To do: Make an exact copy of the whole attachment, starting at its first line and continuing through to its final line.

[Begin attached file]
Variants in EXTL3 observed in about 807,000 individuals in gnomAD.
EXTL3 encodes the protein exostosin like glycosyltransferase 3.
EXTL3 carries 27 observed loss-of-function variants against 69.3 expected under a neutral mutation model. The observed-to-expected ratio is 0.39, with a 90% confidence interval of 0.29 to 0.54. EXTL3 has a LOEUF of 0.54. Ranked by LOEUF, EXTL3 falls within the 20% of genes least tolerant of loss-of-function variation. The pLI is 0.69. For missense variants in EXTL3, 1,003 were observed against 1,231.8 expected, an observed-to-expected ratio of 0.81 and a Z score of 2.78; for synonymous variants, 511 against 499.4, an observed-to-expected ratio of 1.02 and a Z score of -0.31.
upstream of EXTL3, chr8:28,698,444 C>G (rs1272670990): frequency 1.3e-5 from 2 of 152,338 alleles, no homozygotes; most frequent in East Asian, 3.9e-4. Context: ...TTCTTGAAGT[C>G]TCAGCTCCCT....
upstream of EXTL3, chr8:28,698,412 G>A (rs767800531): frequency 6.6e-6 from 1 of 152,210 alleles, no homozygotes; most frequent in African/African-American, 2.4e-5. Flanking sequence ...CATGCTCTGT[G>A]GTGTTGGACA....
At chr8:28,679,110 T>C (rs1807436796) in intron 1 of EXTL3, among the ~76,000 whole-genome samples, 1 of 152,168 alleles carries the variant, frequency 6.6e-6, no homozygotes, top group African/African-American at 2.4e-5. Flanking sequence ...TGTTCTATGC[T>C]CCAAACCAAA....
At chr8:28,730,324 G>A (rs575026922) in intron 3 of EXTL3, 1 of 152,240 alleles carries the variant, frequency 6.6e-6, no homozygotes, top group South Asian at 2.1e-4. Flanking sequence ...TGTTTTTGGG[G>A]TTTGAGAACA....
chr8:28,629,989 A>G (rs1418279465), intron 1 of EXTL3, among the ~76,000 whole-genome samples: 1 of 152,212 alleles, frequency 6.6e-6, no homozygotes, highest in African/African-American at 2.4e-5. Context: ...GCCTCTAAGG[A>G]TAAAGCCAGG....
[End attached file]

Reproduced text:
Variants in EXTL3 observed in about 807,000 individuals in gnomAD.
EXTL3 encodes the protein exostosin like glycosyltransferase 3.
EXTL3 carries 27 observed loss-of-function variants against 69.3 expected under a neutral mutation model. The observed-to-expected ratio is 0.39, with a 90% confidence interval of 0.29 to 0.54. EXTL3 has a LOEUF of 0.54. Ranked by LOEUF, EXTL3 falls within the 20% of genes least tolerant of loss-of-function variation. The pLI is 0.69. For missense variants in EXTL3, 1,003 were observed against 1,231.8 expected, an observed-to-expected ratio of 0.81 and a Z score of 2.78; for synonymous variants, 511 against 499.4, an observed-to-expected ratio of 1.02 and a Z score of -0.31.
upstream of EXTL3, chr8:28,698,444 C>G (rs1272670990): frequency 1.3e-5 from 2 of 152,338 alleles, no homozygotes; most frequent in East Asian, 3.9e-4. Context: ...TTCTTGAAGT[C>G]TCAGCTCCCT....
upstream of EXTL3, chr8:28,698,412 G>A (rs767800531): frequency 6.6e-6 from 1 of 152,210 alleles, no homozygotes; most frequent in African/African-American, 2.4e-5. Flanking sequence ...CATGCTCTGT[G>A]GTGTTGGACA....
At chr8:28,679,110 T>C (rs1807436796) in intron 1 of EXTL3, among the ~76,000 whole-genome samples, 1 of 152,168 alleles carries the variant, frequency 6.6e-6, no homozygotes, top group African/African-American at 2.4e-5. Flanking sequence ...TGTTCTATGC[T>C]CCAAACCAAA....
At chr8:28,730,324 G>A (rs575026922) in intron 3 of EXTL3, 1 of 152,240 alleles carries the variant, frequency 6.6e-6, no homozygotes, top group South Asian at 2.1e-4. Flanking sequence ...TGTTTTTGGG[G>A]TTTGAGAACA....
chr8:28,629,989 A>G (rs1418279465), intron 1 of EXTL3, among the ~76,000 whole-genome samples: 1 of 152,212 alleles, frequency 6.6e-6, no homozygotes, highest in African/African-American at 2.4e-5. Context: ...GCCTCTAAGG[A>G]TAAAGCCAGG....